|Dr. Feleke (center) converses with colleagues at the 2011 OU International WaTER Conference.|
During childhood bone and tooth enamel formation, high levels of fluoride intake will cause the element to substitute for more natural elements and create a more brittle, less flexible bone structure. Beyond the cosmetic effects and social stigma of dental fluorosis (mottled teeth), which occurs at moderately elevated fluoride levels, skeletal fluorosis is evidenced at higher fluoride levels (>4 mg/L). Skeletal fluorosis can reduce agility and mobility, impairing the ability of people to do the manual labor required of subsistence farmers and/or wage earners. Further, select research has suggested that fluorosis impairs cognitive processes and the ability of children to learn. Thus, fluorosis mitigation is imperative to health, education and development for the estimated 14 to 16 million Ethiopians exposed to elevated fluoride levels, especially in the Rift Valley.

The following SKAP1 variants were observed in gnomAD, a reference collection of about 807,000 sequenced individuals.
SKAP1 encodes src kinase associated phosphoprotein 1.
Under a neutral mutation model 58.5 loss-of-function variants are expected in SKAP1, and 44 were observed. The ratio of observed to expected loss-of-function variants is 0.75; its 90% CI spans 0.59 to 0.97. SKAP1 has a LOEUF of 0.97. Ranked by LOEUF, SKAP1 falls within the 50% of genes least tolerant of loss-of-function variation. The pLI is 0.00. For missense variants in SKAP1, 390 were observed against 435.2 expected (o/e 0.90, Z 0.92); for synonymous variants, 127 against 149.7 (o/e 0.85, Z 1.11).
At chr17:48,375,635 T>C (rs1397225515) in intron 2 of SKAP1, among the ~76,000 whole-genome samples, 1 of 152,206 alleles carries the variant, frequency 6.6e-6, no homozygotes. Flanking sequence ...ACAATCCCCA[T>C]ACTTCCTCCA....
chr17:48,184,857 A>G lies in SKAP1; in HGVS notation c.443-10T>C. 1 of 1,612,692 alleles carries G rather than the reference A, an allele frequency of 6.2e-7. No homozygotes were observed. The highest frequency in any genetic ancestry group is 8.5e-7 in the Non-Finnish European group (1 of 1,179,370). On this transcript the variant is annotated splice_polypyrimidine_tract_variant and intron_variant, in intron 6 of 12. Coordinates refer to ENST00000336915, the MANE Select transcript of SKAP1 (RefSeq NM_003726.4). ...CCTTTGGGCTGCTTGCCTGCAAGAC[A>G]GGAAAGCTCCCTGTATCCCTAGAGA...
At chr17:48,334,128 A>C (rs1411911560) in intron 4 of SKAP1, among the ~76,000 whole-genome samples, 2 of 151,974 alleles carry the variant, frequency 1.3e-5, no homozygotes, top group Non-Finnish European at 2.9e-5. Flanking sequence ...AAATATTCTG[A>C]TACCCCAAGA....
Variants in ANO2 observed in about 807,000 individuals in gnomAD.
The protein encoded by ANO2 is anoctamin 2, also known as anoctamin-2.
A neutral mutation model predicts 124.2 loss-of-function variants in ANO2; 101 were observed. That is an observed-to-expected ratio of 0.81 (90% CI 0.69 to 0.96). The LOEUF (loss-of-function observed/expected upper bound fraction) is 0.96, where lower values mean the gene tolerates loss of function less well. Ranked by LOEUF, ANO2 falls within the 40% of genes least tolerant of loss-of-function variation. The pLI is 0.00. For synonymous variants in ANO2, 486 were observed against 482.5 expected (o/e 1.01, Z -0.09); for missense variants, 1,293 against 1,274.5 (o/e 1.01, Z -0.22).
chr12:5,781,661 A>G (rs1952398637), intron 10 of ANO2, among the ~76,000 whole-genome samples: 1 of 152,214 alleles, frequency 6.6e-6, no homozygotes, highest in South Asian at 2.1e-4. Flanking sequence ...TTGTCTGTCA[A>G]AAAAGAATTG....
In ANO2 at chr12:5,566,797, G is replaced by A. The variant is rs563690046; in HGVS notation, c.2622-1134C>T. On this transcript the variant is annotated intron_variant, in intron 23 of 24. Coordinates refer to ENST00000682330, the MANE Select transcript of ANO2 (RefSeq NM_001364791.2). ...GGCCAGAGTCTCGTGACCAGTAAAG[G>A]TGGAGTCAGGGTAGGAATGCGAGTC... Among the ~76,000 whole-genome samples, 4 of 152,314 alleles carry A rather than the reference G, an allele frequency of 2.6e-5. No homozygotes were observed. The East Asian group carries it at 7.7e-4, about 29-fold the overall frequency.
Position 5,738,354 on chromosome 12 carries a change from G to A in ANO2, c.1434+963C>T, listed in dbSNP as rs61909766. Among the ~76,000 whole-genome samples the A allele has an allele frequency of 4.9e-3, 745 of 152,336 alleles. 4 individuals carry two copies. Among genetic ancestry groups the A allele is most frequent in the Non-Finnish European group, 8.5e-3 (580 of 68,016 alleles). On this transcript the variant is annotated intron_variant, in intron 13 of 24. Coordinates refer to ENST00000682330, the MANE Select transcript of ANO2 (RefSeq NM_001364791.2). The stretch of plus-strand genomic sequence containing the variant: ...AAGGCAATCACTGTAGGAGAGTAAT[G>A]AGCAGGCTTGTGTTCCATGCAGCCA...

The PEER project is meant to complement the work already being conducted at the University of Oklahoma (OU) under an NSF grant and will serve to combine technical and social science researchers at both partnering universities in pursuit of sustainable fluoride mitigation solutions. Laboratory adsorption studies on the Al-oxide coated medias (natural zeolites and clays) will be followed by field testing of the most promising materials. Socioeconomic and cultural factors that will influence adoption of the technology will also be assessed in order to promote the long-term sustainability of the solutions. The project award is $114K over a two year period (corresponding to the remainder of OU's NSF grant).